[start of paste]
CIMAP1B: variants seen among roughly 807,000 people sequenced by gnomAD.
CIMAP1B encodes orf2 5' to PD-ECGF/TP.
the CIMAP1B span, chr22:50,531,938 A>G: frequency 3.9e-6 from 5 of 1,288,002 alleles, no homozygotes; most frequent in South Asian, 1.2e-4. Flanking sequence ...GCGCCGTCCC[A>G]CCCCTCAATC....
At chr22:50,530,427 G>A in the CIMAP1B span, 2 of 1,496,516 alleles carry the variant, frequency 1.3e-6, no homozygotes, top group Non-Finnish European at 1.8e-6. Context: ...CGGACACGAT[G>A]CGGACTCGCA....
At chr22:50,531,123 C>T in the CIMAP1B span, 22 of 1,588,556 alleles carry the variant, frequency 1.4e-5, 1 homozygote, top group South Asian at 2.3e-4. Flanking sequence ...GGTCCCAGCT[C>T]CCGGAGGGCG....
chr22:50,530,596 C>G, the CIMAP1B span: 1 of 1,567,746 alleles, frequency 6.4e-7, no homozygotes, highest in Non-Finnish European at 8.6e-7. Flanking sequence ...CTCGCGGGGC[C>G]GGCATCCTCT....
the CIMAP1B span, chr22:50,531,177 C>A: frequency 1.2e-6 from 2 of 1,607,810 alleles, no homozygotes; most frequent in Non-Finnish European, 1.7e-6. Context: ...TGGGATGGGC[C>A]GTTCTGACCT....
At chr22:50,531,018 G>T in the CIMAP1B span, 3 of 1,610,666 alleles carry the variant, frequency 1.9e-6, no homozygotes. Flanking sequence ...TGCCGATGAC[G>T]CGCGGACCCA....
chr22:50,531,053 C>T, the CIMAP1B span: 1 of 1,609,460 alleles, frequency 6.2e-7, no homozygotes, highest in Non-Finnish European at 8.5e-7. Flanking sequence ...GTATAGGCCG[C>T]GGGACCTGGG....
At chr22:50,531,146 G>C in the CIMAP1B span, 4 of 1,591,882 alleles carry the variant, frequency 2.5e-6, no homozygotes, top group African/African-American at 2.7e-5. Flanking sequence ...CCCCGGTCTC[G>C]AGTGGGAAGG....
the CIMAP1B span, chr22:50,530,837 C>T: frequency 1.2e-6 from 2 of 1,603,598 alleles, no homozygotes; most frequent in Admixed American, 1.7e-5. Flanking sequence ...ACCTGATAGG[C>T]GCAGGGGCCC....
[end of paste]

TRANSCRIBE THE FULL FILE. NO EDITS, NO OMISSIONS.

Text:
CIMAP1B: variants seen among roughly 807,000 people sequenced by gnomAD.
CIMAP1B encodes orf2 5' to PD-ECGF/TP.
the CIMAP1B span, chr22:50,531,938 A>G: frequency 3.9e-6 from 5 of 1,288,002 alleles, no homozygotes; most frequent in South Asian, 1.2e-4. Flanking sequence ...GCGCCGTCCC[A>G]CCCCTCAATC....
At chr22:50,530,427 G>A in the CIMAP1B span, 2 of 1,496,516 alleles carry the variant, frequency 1.3e-6, no homozygotes, top group Non-Finnish European at 1.8e-6. Context: ...CGGACACGAT[G>A]CGGACTCGCA....
At chr22:50,531,123 C>T in the CIMAP1B span, 22 of 1,588,556 alleles carry the variant, frequency 1.4e-5, 1 homozygote, top group South Asian at 2.3e-4. Flanking sequence ...GGTCCCAGCT[C>T]CCGGAGGGCG....
chr22:50,530,596 C>G, the CIMAP1B span: 1 of 1,567,746 alleles, frequency 6.4e-7, no homozygotes, highest in Non-Finnish European at 8.6e-7. Flanking sequence ...CTCGCGGGGC[C>G]GGCATCCTCT....
the CIMAP1B span, chr22:50,531,177 C>A: frequency 1.2e-6 from 2 of 1,607,810 alleles, no homozygotes; most frequent in Non-Finnish European, 1.7e-6. Context: ...TGGGATGGGC[C>A]GTTCTGACCT....
At chr22:50,531,018 G>T in the CIMAP1B span, 3 of 1,610,666 alleles carry the variant, frequency 1.9e-6, no homozygotes. Flanking sequence ...TGCCGATGAC[G>T]CGCGGACCCA....
chr22:50,531,053 C>T, the CIMAP1B span: 1 of 1,609,460 alleles, frequency 6.2e-7, no homozygotes, highest in Non-Finnish European at 8.5e-7. Flanking sequence ...GTATAGGCCG[C>T]GGGACCTGGG....
At chr22:50,531,146 G>C in the CIMAP1B span, 4 of 1,591,882 alleles carry the variant, frequency 2.5e-6, no homozygotes, top group African/African-American at 2.7e-5. Flanking sequence ...CCCCGGTCTC[G>C]AGTGGGAAGG....
the CIMAP1B span, chr22:50,530,837 C>T: frequency 1.2e-6 from 2 of 1,603,598 alleles, no homozygotes; most frequent in Admixed American, 1.7e-5. Flanking sequence ...ACCTGATAGG[C>T]GCAGGGGCCC....